Government report finds ‘alarming levels’ of heavy metals in more baby foods
WASHINGTON - Months after a congressional report revealed dangerous levels of heavy metals in baby foods, a new report by a House Oversight subcommittee revealed "alarming levels" persist in "even more" baby foods despite warnings and previous toxic product recalls.
The report, posted Wednesday by the House Subcommittee on Economic and Consumer Policy, shares results from an investigation that found dangerously high levels of arsenic, lead and cadmium in some foods tested. Such heavy metals can negatively affect a young child’s brain development and are among the most common metals that get into food.
The investigation found that Beech-Nut’s June 2021 baby food recall was "incomplete," and Gerber failed to recall any of its toxic products, according to the committee’s report.
The report said testing conducted by the state of Alaska and funded by the U.S. Food and Drug Administration found that multiple samples of Beech-Nut’s and Gerber’s infant rice cereals contained more inorganic arsenic than the FDA’s 100 parts per billion (ppb) limit, which the subcommittee referred to as "an already dangerously-high standard."
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Beech-Nut only recalled two of its six products that tested over the limit, the report states. Gerber, which had two products test over the 100 ppb limit, "took no action to tell the public or get them off the shelves."
Plum Organics baby foods were also found to be tainted with high levels of toxic heavy metals. The company’s finished products were found to contain up to 225 ppb inorganic arsenic, and the majority of Plum’s baby foods were also found to contain over 5 ppb lead — and nearly 40% exceed 5 ppb cadmium, according to the subcommittee’s report.
Furthermore, the report claims that Walmart in 2018 "abandoned" its protective standards of a maximum inorganic arsenic limit of 23 ppb and quadrupled its standard to the FDA’s limit of 100 ppb "without any justification."
"The decision was an extreme course reversal on efforts to protect babies’ neurological development," the subcommittee said in a statement.
FILE - A 9-month-old baby girl at mealtime. (Photo by Tim Clayton/Corbis via Getty Images)
A spokesperson for Beech-Nut Nutrition refuted the report in an email, saying "the assertion that Beech-Nut’s rice cereal recall was too narrow is incorrect."
"In addition to recalling the affected lots, Beech-Nut also proactively withdrew all Beech-Nut branded Single Grain Rice Cereal products from supermarket shelves. Further, Beech-Nut decided to exit the market for its branded infant rice products because it is concerned about being able to consistently obtain rice flour well-below the FDA guidance level," a statement reads in part.
"Beech-Nut has long had a robust ingredient testing program, and all ingredients are tested before they are ever used," it continued.
In its own statement, a Walmart spokesperson said the company is committed to providing "high-quality private brand baby food products that are safe and nutritious."
"We have always required that our suppliers’ products meet the guidelines established by the FDA. Our specifications have always been aligned with or below the FDA requirements for naturally occurring elements and the FDA noted in April that its testing shows that children ’are not at an immediate health risk to exposure.’ We are encouraged the FDA launched a collaborative process to establish science-based standards for infant and baby foods and look forward to further guidance," the statement read.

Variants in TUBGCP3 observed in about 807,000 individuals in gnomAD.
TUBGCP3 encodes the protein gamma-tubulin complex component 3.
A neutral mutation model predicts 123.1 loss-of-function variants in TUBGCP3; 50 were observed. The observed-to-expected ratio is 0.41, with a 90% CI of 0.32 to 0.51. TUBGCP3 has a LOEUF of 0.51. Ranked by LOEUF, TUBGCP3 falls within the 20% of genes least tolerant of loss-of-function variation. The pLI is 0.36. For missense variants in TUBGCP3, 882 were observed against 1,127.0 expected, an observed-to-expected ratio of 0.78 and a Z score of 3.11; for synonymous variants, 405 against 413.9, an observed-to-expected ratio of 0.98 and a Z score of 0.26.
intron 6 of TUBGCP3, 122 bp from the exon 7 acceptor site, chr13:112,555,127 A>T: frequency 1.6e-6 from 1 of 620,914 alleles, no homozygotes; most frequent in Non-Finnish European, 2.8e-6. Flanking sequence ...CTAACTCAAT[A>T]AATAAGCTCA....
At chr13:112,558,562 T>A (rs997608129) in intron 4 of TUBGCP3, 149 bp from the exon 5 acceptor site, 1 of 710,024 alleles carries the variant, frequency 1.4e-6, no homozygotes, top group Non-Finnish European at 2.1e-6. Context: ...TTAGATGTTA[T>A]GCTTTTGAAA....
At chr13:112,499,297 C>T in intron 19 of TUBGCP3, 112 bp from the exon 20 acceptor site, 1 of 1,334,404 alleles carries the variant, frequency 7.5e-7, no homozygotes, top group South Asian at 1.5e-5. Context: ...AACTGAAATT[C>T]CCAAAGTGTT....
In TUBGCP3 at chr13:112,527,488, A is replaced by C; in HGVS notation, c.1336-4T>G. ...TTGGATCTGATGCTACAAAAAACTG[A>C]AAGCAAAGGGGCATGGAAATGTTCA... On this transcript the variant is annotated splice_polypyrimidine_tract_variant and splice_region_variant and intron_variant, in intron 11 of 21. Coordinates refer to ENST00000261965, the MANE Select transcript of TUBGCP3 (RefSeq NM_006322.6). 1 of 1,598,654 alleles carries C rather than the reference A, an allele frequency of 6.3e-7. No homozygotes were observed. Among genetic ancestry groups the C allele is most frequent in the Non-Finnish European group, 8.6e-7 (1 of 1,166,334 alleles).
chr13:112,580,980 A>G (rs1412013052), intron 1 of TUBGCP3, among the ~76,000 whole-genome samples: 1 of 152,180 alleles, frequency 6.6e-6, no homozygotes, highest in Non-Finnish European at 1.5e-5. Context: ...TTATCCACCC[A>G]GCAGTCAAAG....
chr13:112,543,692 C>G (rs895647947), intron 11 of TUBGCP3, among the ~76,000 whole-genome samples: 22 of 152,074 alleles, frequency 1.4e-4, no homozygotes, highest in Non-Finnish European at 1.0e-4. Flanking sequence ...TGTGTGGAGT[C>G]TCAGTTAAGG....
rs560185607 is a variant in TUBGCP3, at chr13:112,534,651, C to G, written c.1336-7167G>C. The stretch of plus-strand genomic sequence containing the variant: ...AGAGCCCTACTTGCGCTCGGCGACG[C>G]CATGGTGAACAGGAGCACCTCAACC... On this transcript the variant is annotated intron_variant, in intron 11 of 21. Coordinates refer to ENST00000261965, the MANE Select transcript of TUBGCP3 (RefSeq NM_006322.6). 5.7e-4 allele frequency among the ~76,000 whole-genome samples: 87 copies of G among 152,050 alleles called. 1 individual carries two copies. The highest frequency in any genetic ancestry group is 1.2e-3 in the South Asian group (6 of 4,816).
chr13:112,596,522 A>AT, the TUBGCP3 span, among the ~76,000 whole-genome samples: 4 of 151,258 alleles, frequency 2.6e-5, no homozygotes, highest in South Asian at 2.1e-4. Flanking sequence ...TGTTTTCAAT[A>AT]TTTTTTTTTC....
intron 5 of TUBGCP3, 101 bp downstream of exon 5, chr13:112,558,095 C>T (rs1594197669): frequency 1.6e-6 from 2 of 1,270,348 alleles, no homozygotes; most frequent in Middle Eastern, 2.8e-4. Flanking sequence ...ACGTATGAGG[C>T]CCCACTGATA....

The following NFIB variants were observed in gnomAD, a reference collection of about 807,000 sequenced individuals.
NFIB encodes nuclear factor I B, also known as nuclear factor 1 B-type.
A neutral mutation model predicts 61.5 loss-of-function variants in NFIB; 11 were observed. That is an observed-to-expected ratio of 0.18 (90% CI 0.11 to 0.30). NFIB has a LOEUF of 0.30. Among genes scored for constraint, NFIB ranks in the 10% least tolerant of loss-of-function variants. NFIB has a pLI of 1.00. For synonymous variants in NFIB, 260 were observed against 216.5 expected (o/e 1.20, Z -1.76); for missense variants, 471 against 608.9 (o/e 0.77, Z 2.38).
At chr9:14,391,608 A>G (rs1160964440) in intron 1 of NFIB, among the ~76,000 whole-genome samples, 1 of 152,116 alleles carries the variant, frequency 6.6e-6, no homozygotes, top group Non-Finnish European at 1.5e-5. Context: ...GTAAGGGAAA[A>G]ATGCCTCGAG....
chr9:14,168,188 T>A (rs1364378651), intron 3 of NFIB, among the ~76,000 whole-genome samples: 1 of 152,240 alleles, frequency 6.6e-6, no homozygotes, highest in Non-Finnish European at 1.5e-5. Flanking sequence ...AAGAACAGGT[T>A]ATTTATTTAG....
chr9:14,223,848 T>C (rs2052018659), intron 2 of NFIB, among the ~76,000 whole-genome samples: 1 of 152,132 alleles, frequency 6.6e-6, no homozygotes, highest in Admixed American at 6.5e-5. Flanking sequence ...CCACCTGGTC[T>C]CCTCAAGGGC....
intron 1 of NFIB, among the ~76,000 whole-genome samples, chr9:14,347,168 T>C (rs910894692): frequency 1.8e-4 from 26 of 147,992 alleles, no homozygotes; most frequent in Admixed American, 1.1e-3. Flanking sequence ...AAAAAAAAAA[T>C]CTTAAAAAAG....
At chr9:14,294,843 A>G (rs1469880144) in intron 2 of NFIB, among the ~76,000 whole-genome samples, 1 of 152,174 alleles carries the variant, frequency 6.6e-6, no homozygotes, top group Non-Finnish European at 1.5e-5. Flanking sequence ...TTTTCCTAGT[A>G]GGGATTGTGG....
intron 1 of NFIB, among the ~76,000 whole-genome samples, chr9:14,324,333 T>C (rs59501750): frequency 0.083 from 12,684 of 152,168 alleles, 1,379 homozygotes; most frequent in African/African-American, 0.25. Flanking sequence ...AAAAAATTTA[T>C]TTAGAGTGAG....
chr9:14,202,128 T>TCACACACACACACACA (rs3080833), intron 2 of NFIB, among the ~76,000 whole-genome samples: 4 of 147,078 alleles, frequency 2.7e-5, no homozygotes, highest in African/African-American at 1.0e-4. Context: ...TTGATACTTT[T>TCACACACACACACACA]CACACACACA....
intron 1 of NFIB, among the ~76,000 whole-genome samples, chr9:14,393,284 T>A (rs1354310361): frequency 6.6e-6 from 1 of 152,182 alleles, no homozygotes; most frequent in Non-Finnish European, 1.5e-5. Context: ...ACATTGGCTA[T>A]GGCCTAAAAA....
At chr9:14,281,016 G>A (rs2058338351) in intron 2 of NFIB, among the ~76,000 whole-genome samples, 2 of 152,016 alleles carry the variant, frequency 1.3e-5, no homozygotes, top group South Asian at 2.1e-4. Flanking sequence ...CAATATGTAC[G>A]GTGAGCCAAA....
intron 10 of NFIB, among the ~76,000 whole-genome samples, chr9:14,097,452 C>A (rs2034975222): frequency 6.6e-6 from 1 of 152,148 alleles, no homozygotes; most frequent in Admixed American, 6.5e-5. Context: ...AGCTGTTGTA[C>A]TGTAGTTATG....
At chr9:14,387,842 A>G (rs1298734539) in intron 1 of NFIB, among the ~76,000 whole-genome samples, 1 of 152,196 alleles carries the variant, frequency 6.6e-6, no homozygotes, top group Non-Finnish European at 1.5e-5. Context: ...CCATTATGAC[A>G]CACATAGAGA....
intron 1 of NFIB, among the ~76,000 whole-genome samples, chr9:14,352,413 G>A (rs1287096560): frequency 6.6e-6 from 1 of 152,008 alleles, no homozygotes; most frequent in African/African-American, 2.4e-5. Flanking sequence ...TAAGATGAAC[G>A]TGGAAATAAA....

Walmart also noted that as a retailer, it does not ordinarily require its private brand suppliers to submit all test reports or test results to the company. Instead, the retailer requires that its suppliers "demonstrate the effectiveness of their food safety management systems through continued certification by GFSI and meet the finished good specifications, including for heavy metals in baby foods, that Walmart establishes."
Gerber and Plum Organics did not immediately respond to a request for comment.
The House Oversight subcommittee called on the FDA to accelerate its proposed timelines for publishing final limits for these toxic heavy metals and require companies to conduct finished-product testing.
It also said baby food manufacturers should voluntarily adopt the practice of testing finished products for toxic heavy metals and phase out any that have high amounts of ingredients that frequently test high in toxic heavy metals — such as rice.
Such metals are found naturally in the Earth's crust and are also released into the environment as pollution that gets into the water and soil used to grow food, according to the American Academy of Pediatrics. The toxins can also get into food from food manufacturing and packaging.
Some of the most common metals that get into food include inorganic arsenic, lead, cadmium and mercury, according to the FDA.
"These findings prove that even after repeated warnings and reports, companies continue to focus on profit over people," Healthy Babies Bright Futures, an alliance of nonprofit organizations that aims to reduce babies’ exposures to toxic chemicals, said in a statement.
In 2019, Healthy Babies Bright Futures released a study that found heavy metals in 95% of baby foods, which led to the February 2021 Congressional report showing dangerous levels of heavy metals in several top baby food brands.
RELATED: 95 percent of baby foods tested contained toxic metals, report finds
This story was reported from Cincinnati.